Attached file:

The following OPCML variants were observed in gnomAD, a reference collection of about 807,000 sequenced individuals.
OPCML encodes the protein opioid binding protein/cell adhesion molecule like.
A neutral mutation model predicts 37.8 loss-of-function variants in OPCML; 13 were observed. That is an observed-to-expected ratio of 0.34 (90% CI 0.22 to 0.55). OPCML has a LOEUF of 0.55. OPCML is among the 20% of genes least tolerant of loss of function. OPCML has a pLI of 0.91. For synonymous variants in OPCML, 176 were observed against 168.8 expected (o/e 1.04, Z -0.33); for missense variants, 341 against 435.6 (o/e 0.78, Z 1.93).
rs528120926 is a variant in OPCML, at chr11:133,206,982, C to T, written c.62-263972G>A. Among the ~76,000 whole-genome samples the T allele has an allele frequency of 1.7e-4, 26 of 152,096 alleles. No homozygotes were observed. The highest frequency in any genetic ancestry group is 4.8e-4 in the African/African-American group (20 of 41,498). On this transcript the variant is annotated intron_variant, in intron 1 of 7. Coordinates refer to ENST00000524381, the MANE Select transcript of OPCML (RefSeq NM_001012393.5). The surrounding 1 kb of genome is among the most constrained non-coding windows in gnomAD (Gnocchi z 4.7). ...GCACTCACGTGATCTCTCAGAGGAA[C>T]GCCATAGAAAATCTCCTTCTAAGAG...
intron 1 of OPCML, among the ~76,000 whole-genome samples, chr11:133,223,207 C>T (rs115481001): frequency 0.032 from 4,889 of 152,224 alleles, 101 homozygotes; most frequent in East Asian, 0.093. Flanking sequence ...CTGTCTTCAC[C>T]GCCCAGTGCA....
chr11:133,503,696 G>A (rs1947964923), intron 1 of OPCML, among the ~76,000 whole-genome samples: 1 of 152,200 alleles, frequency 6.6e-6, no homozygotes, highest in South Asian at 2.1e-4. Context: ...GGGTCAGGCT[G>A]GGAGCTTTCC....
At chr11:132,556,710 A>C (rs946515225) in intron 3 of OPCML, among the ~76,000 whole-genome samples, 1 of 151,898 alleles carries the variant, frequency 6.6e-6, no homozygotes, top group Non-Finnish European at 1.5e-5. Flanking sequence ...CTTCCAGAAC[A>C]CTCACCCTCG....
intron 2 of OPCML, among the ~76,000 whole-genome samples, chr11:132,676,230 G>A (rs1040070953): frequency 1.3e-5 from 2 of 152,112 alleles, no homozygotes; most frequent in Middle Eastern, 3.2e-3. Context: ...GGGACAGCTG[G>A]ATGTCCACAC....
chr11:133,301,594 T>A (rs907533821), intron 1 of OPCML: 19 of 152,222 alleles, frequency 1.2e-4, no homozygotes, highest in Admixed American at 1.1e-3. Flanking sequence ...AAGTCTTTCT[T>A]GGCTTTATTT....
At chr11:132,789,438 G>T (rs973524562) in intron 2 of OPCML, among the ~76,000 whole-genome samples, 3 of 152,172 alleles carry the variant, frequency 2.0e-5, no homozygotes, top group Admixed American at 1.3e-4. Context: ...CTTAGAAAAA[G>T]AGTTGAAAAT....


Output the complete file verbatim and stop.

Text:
The following OPCML variants were observed in gnomAD, a reference collection of about 807,000 sequenced individuals.
OPCML encodes the protein opioid binding protein/cell adhesion molecule like.
A neutral mutation model predicts 37.8 loss-of-function variants in OPCML; 13 were observed. That is an observed-to-expected ratio of 0.34 (90% CI 0.22 to 0.55). OPCML has a LOEUF of 0.55. OPCML is among the 20% of genes least tolerant of loss of function. OPCML has a pLI of 0.91. For synonymous variants in OPCML, 176 were observed against 168.8 expected (o/e 1.04, Z -0.33); for missense variants, 341 against 435.6 (o/e 0.78, Z 1.93).
rs528120926 is a variant in OPCML, at chr11:133,206,982, C to T, written c.62-263972G>A. Among the ~76,000 whole-genome samples the T allele has an allele frequency of 1.7e-4, 26 of 152,096 alleles. No homozygotes were observed. The highest frequency in any genetic ancestry group is 4.8e-4 in the African/African-American group (20 of 41,498). On this transcript the variant is annotated intron_variant, in intron 1 of 7. Coordinates refer to ENST00000524381, the MANE Select transcript of OPCML (RefSeq NM_001012393.5). The surrounding 1 kb of genome is among the most constrained non-coding windows in gnomAD (Gnocchi z 4.7). ...GCACTCACGTGATCTCTCAGAGGAA[C>T]GCCATAGAAAATCTCCTTCTAAGAG...
intron 1 of OPCML, among the ~76,000 whole-genome samples, chr11:133,223,207 C>T (rs115481001): frequency 0.032 from 4,889 of 152,224 alleles, 101 homozygotes; most frequent in East Asian, 0.093. Flanking sequence ...CTGTCTTCAC[C>T]GCCCAGTGCA....
chr11:133,503,696 G>A (rs1947964923), intron 1 of OPCML, among the ~76,000 whole-genome samples: 1 of 152,200 alleles, frequency 6.6e-6, no homozygotes, highest in South Asian at 2.1e-4. Context: ...GGGTCAGGCT[G>A]GGAGCTTTCC....
At chr11:132,556,710 A>C (rs946515225) in intron 3 of OPCML, among the ~76,000 whole-genome samples, 1 of 151,898 alleles carries the variant, frequency 6.6e-6, no homozygotes, top group Non-Finnish European at 1.5e-5. Flanking sequence ...CTTCCAGAAC[A>C]CTCACCCTCG....
intron 2 of OPCML, among the ~76,000 whole-genome samples, chr11:132,676,230 G>A (rs1040070953): frequency 1.3e-5 from 2 of 152,112 alleles, no homozygotes; most frequent in Middle Eastern, 3.2e-3. Context: ...GGGACAGCTG[G>A]ATGTCCACAC....
chr11:133,301,594 T>A (rs907533821), intron 1 of OPCML: 19 of 152,222 alleles, frequency 1.2e-4, no homozygotes, highest in Admixed American at 1.1e-3. Flanking sequence ...AAGTCTTTCT[T>A]GGCTTTATTT....
At chr11:132,789,438 G>T (rs973524562) in intron 2 of OPCML, among the ~76,000 whole-genome samples, 3 of 152,172 alleles carry the variant, frequency 2.0e-5, no homozygotes, top group Admixed American at 1.3e-4. Context: ...CTTAGAAAAA[G>T]AGTTGAAAAT....